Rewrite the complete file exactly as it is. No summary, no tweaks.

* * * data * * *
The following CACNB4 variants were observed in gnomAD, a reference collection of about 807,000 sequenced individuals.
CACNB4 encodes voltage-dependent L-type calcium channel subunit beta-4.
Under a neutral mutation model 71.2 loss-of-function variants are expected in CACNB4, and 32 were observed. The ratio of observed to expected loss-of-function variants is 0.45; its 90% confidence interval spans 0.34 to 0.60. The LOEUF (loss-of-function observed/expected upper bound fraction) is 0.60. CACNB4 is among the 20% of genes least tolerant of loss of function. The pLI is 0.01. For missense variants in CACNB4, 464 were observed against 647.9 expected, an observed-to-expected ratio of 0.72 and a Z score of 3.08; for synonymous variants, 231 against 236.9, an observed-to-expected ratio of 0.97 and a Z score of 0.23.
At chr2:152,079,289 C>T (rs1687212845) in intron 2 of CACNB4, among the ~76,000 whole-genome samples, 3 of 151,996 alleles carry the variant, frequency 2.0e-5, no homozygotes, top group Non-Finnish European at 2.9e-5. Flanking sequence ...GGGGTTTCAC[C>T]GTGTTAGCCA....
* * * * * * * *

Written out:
The following CACNB4 variants were observed in gnomAD, a reference collection of about 807,000 sequenced individuals.
CACNB4 encodes voltage-dependent L-type calcium channel subunit beta-4.
Under a neutral mutation model 71.2 loss-of-function variants are expected in CACNB4, and 32 were observed. The ratio of observed to expected loss-of-function variants is 0.45; its 90% confidence interval spans 0.34 to 0.60. The LOEUF (loss-of-function observed/expected upper bound fraction) is 0.60. CACNB4 is among the 20% of genes least tolerant of loss of function. The pLI is 0.01. For missense variants in CACNB4, 464 were observed against 647.9 expected, an observed-to-expected ratio of 0.72 and a Z score of 3.08; for synonymous variants, 231 against 236.9, an observed-to-expected ratio of 0.97 and a Z score of 0.23.
At chr2:152,079,289 C>T (rs1687212845) in intron 2 of CACNB4, among the ~76,000 whole-genome samples, 3 of 151,996 alleles carry the variant, frequency 2.0e-5, no homozygotes, top group Non-Finnish European at 2.9e-5. Flanking sequence ...GGGGTTTCAC[C>T]GTGTTAGCCA....